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>A little more than 10 years (I think). Darren Tanke of the Royal Tyrell
>Museum found (I think he did) the specimens. He has been working on it off
>and on from that time. He wrote to me and explained what was found and I
>a quick drawing of it. He corrected the drawing and I did several of them
>for him.
As is seen on your webpage, excellent work!
>What? I checked the Dinosauria and couldn't find the drawing, could you
>me so I can find it? Pachyrhinosaurus was named in 1950, not by Lull in
>1933. The Pipestone Creek Pachyrhinosaurus IS different than any known
>Ceratopian and from the previously known Pachyrhinosaurus (from the
>Drumheller area and doesn't really look that much like it's more northern
>cousin). I have no reverence to the Lull, 1933 specimen that the Dinosauria
>is revering to and would like to know which one it is.
The drawing is on page 596 and can't see any reason why it isn't in your
copy. Mine was bought for my birthday two summers back in England, so it is
not even a very recent purchase. Yeah, the date was rechecked in the
Dinosauria and indeed it is 1950. The reason that the Lull paper was given
as a reference, was because the exact reference is missing and the next
genus listed on the page was Centrosaurus which came from the Lull paper.
Assuming that you don't need to repeat the same reference twice...
The reference is: Lull, R.S. 1933. A revision of the Ceratopsia or horned
dinosaurs. Peabody Mus. Nat. Hist. Bull. 3: 1-175. Hope that that is of any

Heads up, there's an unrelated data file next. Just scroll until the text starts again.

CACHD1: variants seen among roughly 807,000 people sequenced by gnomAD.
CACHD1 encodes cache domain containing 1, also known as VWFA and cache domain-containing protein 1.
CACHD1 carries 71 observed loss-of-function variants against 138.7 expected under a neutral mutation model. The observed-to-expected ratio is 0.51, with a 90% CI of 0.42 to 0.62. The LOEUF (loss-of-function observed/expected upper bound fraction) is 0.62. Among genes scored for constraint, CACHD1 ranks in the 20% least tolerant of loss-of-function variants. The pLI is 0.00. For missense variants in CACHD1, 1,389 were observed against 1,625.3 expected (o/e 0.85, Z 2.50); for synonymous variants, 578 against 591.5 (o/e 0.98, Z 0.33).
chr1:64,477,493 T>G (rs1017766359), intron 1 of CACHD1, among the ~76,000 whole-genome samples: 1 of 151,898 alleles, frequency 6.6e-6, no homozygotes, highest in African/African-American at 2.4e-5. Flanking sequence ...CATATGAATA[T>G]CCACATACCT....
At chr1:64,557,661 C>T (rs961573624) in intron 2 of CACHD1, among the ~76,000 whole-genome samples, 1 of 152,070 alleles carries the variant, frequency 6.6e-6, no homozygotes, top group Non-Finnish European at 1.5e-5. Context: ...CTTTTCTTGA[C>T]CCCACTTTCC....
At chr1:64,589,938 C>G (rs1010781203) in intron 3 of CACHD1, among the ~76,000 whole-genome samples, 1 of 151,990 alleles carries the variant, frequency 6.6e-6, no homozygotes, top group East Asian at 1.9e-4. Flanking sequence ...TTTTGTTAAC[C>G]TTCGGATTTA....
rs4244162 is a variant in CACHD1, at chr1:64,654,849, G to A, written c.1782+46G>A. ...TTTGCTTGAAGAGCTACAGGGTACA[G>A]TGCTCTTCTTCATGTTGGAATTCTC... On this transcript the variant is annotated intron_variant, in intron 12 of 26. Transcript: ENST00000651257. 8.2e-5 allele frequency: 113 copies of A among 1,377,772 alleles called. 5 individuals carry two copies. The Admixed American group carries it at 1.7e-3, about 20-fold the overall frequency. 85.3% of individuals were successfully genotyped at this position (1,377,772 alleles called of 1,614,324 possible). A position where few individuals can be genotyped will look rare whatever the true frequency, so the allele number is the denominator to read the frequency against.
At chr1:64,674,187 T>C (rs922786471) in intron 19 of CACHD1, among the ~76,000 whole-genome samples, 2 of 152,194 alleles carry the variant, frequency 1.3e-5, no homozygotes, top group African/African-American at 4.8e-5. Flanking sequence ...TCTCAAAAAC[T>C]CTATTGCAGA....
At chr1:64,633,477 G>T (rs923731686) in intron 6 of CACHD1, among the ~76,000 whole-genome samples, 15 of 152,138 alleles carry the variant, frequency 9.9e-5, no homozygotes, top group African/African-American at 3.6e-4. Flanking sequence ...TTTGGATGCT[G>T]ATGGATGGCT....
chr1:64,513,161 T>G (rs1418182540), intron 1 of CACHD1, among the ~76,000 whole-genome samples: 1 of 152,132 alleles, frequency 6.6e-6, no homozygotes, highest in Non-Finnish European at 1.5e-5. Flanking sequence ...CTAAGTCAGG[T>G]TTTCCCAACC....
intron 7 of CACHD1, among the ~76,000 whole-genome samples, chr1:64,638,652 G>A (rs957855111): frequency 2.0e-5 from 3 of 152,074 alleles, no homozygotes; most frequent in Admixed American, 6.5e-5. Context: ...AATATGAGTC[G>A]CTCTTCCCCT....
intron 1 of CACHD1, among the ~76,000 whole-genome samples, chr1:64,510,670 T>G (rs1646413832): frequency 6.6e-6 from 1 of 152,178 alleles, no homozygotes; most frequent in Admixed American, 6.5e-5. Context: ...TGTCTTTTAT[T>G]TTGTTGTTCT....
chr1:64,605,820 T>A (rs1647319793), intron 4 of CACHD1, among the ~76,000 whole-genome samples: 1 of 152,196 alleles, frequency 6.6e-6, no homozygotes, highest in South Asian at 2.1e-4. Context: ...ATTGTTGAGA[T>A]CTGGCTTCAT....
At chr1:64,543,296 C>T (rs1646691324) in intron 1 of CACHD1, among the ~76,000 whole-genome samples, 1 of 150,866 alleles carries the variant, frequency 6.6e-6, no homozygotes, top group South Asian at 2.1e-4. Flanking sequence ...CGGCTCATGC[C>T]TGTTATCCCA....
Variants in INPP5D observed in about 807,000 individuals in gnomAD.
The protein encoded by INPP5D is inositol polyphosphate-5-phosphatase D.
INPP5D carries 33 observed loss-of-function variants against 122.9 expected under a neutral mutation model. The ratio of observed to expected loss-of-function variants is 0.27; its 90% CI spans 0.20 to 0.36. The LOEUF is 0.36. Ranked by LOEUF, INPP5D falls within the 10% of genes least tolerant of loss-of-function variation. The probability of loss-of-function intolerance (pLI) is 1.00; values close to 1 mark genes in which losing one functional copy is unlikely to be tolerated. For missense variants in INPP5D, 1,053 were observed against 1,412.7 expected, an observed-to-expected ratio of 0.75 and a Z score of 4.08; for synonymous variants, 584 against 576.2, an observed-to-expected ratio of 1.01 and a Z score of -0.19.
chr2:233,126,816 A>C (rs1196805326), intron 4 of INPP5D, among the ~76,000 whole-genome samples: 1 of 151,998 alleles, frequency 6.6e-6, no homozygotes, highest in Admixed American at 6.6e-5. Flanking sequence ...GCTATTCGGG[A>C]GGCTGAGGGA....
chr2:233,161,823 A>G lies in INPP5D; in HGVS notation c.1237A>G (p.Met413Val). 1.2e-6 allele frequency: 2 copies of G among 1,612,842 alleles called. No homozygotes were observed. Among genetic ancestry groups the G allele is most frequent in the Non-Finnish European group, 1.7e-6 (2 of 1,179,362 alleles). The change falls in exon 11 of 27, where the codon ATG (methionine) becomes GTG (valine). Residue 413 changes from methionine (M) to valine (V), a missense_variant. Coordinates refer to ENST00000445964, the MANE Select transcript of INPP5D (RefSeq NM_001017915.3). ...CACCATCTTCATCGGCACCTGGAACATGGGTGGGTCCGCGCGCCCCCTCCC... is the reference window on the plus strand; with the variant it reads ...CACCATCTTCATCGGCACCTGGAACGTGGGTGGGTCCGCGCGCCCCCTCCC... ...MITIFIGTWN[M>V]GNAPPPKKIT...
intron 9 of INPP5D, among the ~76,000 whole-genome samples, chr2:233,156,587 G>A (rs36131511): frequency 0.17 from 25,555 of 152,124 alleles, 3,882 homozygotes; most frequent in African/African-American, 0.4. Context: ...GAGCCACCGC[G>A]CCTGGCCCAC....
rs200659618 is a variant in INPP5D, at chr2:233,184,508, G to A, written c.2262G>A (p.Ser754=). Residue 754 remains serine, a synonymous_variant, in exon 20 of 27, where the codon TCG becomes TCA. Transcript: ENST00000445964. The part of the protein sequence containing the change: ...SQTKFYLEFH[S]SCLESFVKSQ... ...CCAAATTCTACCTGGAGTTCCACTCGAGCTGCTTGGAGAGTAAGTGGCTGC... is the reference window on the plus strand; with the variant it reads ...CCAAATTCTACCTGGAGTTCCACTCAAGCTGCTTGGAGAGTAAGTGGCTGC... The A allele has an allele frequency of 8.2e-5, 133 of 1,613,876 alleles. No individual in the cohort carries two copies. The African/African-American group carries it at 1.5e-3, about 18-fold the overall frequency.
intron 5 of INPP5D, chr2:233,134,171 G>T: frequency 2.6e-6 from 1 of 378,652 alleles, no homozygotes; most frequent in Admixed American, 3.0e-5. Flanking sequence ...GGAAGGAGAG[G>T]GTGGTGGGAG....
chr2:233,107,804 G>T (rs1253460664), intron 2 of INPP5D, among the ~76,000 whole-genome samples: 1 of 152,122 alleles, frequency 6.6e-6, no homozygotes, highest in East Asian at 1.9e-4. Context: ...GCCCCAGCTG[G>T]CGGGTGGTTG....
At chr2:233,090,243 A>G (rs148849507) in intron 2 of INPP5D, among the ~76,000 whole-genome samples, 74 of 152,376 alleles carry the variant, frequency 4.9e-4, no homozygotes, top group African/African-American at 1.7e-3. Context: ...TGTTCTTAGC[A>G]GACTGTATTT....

In exactly what way do both specimens differ? Does it look more like
Achelousaurus for example or are the similarities due to convergence?
>It's positively different. Also, Centrosaurus nasicornis and Styracosaurus
>are different genera. There are bone beds of both animals from Dinosaur
>Provincial Park (Though the Styracosaurus bonebed hasn't been described
>actually in a thesis that I should get this year). I've been to both bone
>beds (In fact if any of you out there remember the PaleoWorld with Darren
>Tanke and yours truly :) walking around a pathological bone, then examining
>it, that's the Styracosaurus bone bed).
Who brought up those two genera, but hey, who cares, interesting to know
Styracosaurus is known from beds too now. Always thought it was a rather
obscure Ceratopsid. Has there been any news regarding the other species of
Styracosaurus, S. ovatus? Is it any diagnostic? Last thing I've heard was
that it was based on partial skulls that seem to have had two pair of frill
spikes instead of the usual three pair.
Maybe an interesting trip go there someday.
>Tracy L. Ford

Rutger Jansma